In the studio: Magnus Frederik Clausen

In the studio: Magnus Frederik Clausen

Copenhagen-based artist Magnus Frederik Clausen, who has had a previous life in film as a director, reflects on his relationship with painting, the origin of his Work series and the exhibition projects that he has planned for 2024.


SSM: Where are you answering this from?

MFC: Copenhagen University Library KUB Nord, I was the first one in this morning; nobody else was around except Mr. Skeleton.



SSM: Is there a space or place that is most important to you?

MFC: My family's holiday house in Sweden. My parents, my mother's three siblings, my grandma and granddad bought it when I was one year old. The house is in the middle of the forest, and you can stay there for weeks without meeting anybody, which completely differs from my life in Copenhagen. I'm attracted to places that I have been continually revisiting while growing up.
My memories of this space have changed over the years, from when I was a child to a teenager to a young man to a parent, and now I am bringing my kids there. The house has become wise with my life. In some periods, it has been years since I went, but I always return.
Once, I made an open-air studio in the forest, carrying a table and all my materials out into the wood and leaving it there. When I was not around, I let nature do its part and visited it daily during some landscape studies. It was a funny collaboration with nature.



SSM: What was the first work of art that left an impression on you?

MFC: I don’t remember. Different from now, I used to hate museums, galleries, and art. When now, it’s something I spend a lot of time on. I think my relationship with painting also runs on a love/hate relationship.


SSM: Your paintings in our current show depict clocks in various shapes and forms. When did your Work series begin and how did it come about?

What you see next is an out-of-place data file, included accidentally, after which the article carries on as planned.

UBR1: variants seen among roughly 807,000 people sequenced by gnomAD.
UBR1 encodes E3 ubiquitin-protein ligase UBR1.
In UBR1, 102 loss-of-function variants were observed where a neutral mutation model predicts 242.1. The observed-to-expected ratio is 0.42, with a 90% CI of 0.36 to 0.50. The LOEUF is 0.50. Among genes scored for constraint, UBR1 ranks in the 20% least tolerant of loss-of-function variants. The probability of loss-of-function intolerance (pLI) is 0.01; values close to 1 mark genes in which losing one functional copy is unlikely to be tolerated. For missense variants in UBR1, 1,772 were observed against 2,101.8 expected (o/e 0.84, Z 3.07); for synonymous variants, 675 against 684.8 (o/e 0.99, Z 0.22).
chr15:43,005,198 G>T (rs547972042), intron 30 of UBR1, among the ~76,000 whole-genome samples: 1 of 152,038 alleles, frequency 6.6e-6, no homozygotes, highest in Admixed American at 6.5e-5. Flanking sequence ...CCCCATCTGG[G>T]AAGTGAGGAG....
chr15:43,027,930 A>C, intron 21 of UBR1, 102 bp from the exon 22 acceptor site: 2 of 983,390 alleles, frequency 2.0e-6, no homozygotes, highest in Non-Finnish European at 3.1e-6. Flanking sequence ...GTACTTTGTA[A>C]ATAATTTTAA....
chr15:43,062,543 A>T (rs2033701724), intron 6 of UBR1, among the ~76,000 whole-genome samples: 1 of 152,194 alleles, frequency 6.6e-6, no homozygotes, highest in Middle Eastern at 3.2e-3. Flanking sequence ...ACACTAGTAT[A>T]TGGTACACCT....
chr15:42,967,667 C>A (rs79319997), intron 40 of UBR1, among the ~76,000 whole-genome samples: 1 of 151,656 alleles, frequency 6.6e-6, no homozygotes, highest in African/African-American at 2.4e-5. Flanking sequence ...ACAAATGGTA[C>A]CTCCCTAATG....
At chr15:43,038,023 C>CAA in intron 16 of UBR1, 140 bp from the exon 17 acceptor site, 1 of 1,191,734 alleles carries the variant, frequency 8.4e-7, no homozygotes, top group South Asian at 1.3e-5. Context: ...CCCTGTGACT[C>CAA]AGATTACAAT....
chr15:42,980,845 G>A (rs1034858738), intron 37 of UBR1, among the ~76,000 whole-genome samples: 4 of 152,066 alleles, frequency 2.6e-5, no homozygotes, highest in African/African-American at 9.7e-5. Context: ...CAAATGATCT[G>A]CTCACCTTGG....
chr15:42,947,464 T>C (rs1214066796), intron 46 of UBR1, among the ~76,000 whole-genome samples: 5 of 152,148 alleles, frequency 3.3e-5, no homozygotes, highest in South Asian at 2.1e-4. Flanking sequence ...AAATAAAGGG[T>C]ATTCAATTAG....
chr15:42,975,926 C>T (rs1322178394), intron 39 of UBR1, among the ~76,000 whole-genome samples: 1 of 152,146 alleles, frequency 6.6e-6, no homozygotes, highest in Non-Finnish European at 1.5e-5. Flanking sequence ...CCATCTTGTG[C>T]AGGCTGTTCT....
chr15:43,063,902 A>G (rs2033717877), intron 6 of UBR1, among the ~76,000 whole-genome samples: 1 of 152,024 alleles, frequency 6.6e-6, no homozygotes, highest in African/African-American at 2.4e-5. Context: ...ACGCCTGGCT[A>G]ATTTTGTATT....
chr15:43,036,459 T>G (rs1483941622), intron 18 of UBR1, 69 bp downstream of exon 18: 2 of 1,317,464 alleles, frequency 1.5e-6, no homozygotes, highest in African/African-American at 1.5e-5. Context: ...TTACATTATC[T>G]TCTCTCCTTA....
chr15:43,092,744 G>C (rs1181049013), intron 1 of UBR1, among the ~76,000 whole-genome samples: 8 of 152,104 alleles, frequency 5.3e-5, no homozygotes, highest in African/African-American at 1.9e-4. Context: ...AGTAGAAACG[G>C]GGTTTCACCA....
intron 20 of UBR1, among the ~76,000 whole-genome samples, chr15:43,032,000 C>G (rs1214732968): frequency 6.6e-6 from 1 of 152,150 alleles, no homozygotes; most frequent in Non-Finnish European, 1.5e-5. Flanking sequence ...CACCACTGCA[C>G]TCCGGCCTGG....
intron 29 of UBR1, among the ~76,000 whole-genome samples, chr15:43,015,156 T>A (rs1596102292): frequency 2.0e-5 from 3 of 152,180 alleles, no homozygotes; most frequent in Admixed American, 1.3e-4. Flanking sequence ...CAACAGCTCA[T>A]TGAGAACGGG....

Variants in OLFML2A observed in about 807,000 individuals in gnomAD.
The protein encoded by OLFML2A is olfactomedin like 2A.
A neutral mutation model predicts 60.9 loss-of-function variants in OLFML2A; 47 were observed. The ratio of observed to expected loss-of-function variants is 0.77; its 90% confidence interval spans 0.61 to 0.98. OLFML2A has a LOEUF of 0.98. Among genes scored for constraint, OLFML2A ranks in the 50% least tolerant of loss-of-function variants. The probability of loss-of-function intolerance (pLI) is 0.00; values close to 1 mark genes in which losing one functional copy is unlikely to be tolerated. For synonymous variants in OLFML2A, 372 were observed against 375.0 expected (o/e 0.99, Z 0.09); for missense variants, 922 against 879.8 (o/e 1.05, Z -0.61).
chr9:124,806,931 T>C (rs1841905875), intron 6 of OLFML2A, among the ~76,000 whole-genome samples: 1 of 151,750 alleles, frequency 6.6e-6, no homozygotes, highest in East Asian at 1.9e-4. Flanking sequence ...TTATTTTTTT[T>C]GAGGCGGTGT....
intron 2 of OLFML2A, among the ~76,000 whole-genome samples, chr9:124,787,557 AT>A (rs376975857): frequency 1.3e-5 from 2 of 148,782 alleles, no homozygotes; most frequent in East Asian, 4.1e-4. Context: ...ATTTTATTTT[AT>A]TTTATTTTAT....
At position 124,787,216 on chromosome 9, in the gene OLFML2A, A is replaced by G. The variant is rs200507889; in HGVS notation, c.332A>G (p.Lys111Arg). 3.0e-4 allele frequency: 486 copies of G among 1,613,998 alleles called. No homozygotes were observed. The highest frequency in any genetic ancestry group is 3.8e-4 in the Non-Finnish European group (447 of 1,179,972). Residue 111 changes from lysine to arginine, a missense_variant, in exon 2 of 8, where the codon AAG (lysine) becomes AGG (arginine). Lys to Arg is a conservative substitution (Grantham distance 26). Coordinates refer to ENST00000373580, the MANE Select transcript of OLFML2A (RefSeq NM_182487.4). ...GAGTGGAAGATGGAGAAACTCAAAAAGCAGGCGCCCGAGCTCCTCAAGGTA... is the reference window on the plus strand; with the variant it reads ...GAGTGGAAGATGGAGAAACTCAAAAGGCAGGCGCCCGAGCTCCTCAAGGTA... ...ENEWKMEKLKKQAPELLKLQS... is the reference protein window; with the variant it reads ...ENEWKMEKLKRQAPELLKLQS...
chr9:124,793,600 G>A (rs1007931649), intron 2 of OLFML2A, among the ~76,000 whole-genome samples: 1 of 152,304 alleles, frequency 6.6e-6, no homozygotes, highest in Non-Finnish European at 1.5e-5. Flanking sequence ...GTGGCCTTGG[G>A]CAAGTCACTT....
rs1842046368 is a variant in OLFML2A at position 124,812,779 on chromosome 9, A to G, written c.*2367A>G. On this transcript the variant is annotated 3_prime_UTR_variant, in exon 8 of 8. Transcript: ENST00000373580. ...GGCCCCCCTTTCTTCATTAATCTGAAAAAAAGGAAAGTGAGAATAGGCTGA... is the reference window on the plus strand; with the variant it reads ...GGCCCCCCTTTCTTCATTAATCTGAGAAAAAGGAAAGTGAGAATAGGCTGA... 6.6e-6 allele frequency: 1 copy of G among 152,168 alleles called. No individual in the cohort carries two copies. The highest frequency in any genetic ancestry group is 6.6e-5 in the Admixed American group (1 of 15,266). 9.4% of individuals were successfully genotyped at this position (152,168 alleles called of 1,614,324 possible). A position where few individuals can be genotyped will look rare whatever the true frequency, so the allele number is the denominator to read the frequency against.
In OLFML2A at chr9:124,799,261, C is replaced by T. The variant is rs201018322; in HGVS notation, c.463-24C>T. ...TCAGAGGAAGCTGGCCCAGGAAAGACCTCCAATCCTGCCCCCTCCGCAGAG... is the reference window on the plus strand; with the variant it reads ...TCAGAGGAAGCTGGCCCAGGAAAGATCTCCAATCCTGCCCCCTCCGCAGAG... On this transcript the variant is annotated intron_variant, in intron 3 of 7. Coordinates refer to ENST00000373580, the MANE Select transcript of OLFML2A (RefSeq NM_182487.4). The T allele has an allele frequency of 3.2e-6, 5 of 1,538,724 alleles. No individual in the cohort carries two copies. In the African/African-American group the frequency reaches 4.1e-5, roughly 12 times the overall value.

MFC: The clock paintings started around December 2020/January 2021, when I had to teach my oldest son to read the clock. I then drew a series of analogue and digital clocks in a sketchbook, and my son had to translate each clock to its adverse on the opposite page. While doing this homework, I realized that I could orchestrate the making of an artwork using a simple translation system. Thus, the concept for the clock paintings series was born and I conceptualized a system whereby the translation process would serve as the foundation for creating intricate artworks.
Since then, I have hired several assistants to paint these works for me, and each of them contributes to the project with their gestures and temperament, just as different musicians would play the same song differently. While initially, I attributed my motivation for painting to my love for observing artworks, my perspective has evolved over time. I've begun to question whether my affinity for painting stems solely from enjoyment or if there's a deeper significance to its presence in my life. This introspection has led me to consider the possibility of a more complex relationship with painting—one that transcends mere preference and delves into the realm of necessity or inevitability.